SOAS University of London

Department of Anthropology and Sociology

Ethnography in Practice

Module Code:
151802086
Credits:
15
FHEQ Level:
5
Year of study:
Year 2
Taught in:
Term 2

This module introduces students to the methods of social anthropology, past and present, and the practicalities of doing ethnographic field research today. What is the basis of anthropological knowledge? How is anthropological research conducted? How has the nature of ‘the field’ changed over time? What is anthropological ‘data’? What is the relationship between ethnographic research and ethnographic writing? Students will learn to read ethnographic texts with a critical mind, asking whether and how scholars make their methods and interpretive process explicit in their writing.

Over the course of the term, each student will develop and carry out a small-scale field research project. As a key component of this process, students will undertake a series of practical exercises in the mechanics of fieldwork (participant observation, taking field notes, interviewing, ethnographic description, etc.) that will build their skills as an ethnographer and help them sharpen the focus of their research project. These exercises will be discussed collaboratively in class each week, both in methodological terms and in relation to issues raised in lecture and assigned readings. Through the module’s theoretical and practical exploration of ethnographic methods, students will gain real-world research experience and grapple first hand with questions of anthropological ethics, interpretation, representation, and knowledge itself.

Objectives and learning outcomes of the module

On successful completion of this module a student will be able to:

  1. Demonstrate a good understanding of ethnographic methods, their theoretical underpinnings, and their possibilities and limitations for making general and comparative claims.
  2. Undertake fieldwork, with everything this entails: from project design and writing a research proposal to ethics review and risk assessment, data collection, analysis and writing up.
  3. Understand the ethical implications of doing research among human subjects.

Workload

2-hour seminars every week
5 hours fieldwork over the course of the term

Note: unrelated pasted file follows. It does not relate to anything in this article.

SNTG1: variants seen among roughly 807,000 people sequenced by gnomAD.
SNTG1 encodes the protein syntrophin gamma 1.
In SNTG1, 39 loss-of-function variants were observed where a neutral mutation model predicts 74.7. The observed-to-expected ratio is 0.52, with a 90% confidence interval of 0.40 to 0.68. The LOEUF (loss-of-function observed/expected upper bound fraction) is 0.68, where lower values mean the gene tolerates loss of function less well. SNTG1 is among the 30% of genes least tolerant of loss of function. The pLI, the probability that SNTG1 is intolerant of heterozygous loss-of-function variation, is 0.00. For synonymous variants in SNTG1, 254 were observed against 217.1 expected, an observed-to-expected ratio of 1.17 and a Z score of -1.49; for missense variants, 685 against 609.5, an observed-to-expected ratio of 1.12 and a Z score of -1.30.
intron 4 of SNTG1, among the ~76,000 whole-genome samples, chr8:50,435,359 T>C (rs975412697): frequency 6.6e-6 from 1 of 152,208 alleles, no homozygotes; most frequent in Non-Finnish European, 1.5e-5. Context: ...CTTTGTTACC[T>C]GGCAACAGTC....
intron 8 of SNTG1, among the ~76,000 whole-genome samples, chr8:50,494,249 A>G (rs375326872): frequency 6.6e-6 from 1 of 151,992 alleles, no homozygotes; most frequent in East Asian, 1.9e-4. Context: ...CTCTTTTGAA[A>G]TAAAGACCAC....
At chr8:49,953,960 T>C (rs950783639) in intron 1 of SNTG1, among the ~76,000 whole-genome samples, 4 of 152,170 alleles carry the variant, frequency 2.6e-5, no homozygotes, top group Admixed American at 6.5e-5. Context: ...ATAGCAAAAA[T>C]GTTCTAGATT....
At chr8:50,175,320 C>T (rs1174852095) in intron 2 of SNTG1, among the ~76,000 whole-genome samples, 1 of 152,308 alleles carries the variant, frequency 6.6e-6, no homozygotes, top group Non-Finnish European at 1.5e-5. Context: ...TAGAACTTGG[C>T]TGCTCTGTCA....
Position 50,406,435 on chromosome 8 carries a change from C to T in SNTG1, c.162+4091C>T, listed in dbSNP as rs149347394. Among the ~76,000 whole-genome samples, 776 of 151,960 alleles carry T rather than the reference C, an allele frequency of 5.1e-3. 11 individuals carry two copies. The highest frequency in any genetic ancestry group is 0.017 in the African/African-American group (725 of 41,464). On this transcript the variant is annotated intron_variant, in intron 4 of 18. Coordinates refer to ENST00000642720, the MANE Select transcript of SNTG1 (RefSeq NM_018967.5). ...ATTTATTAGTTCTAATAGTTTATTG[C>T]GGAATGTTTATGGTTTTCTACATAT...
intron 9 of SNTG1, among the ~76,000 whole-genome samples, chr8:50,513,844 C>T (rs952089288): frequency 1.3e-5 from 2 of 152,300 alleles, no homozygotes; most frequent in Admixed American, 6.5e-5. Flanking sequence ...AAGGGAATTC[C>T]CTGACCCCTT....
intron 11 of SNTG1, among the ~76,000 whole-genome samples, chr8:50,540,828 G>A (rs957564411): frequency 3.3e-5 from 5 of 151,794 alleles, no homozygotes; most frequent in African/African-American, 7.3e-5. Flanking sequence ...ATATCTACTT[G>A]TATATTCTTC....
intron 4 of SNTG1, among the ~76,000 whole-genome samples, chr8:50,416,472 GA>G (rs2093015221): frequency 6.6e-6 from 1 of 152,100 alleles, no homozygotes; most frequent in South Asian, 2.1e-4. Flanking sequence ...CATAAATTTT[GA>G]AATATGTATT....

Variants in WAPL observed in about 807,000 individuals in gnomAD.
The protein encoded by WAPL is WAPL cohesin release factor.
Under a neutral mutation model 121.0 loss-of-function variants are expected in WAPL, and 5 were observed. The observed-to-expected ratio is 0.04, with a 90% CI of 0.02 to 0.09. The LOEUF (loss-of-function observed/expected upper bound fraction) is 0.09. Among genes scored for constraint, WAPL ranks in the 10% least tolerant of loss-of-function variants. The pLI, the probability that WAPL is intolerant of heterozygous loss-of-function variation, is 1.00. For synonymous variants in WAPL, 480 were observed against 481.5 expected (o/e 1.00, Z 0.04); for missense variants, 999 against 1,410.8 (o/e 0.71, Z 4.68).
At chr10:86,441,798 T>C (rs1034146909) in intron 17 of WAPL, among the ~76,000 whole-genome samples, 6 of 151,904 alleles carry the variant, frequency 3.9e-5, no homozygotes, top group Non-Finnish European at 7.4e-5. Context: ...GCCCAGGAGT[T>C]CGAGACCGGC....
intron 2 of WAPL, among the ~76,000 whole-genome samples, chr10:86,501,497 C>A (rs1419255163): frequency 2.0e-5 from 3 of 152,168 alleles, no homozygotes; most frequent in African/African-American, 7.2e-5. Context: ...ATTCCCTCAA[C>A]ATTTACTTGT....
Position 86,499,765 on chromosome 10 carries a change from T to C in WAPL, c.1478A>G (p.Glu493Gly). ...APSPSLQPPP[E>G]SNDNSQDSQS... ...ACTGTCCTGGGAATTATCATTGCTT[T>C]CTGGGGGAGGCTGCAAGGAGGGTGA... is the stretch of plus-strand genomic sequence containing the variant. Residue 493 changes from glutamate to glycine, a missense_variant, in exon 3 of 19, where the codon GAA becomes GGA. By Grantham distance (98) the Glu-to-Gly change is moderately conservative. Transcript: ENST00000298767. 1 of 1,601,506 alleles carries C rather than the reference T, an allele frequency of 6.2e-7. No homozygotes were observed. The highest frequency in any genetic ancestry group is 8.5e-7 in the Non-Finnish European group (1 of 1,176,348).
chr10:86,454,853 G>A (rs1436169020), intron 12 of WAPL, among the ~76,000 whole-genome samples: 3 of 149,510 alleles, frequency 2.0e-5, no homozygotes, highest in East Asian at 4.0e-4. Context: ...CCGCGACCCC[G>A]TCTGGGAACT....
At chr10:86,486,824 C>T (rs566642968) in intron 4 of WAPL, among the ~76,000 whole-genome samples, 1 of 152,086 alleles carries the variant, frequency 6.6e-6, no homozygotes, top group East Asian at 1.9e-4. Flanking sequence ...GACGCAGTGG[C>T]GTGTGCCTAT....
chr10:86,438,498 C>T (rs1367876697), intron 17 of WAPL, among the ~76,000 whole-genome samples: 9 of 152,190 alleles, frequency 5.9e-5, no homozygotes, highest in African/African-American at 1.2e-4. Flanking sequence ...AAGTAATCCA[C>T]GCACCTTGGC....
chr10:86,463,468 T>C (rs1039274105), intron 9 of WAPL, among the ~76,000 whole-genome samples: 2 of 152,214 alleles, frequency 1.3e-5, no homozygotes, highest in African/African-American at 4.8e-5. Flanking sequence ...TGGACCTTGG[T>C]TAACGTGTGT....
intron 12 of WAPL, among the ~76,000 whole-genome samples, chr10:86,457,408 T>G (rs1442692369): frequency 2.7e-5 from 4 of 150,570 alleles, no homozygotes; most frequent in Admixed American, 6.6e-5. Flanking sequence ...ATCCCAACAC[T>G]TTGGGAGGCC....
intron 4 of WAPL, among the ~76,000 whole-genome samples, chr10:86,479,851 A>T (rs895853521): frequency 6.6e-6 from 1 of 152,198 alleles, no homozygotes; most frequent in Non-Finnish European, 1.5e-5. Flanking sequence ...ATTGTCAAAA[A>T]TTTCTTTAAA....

Scope and syllabus

The course covers the following: history of anthropological methods; fieldwork and the ethnographer as ‘the human instrument’; participant observation; ethnographic interviewing; multi-sited fieldwork; biographic, life history and narrative methods; auto-ethnography; research ethics; research proposal writing; ethnographic description and modes of representation.

Method of assessment

Essay (1500 words) (20%), Fieldwork Report (2500–3000 words) (70%), and Seminar Participation (10%)

Suggested reading

  • Okely, Judith. 2012. Anthropological Practice: Fieldwork and the Ethnographic Method. London: Bloomsbury.
  • Stocking, George, ed. 1985. Observers Observed: Essays on Ethnographic Fieldwork. Madison: University of Wisconsin Press.
  • Amit, Vered, ed. 2000. Constructing the Field: Ethnographic Fieldwork in the Contemporary World. London: Routledge.
  • Emerson, Robert, et al. 1995. Writing Ethnographic Fieldnotes. Chicago: University of Chicago Press. 
  • Sanjek, Roger, and Susan W. Tratner. 2016. eFieldnotes: The Makings of Anthropology in the Digital World. Chicago: University of Chicago Press.
  • Coleman, Simon and Peter Collins, eds. 2006. Locating the Field: Space, Place and Context in Anthropology. Oxford: Berg
  • Armbruster, Heidi, and  Anna Lærke, eds. 2008. Taking Sides: Ethics, Politics and Fieldwork in Anthropology. Oxford: Berghahn.
  • McLean, Athena, and Annette Leibing, eds. 2008. The Shadow Side of Fieldwork: Exploring the Blurred Borders Between Ethnography and Life. Oxford: Blackwell.
  • Markowitz, Fran, and Michael Ashkenazi. 1999. Sex, Sexuality and the Anthropologist. Urbana: University of Illinois Press.
  • Narayan, Kirin. 1993. ‘How Native is a ‘Native’ Anthropologist?’ American Anthropologist 95(3): 671-86. 
  • Fordham, Signithia. 2011.  ‘Write-ous Indignation: Black Girls, Dilemmas of Cultural Domination and the Struggle to Speak the Skin We Are In.’ In Alysse Waterston & Maria Vesperi, eds. Anthropology off the Shelf: Anthropologists on Writing. Chichester: Wiley-Blackwell.

Disclaimer

Important notice regarding changes to programmes and modules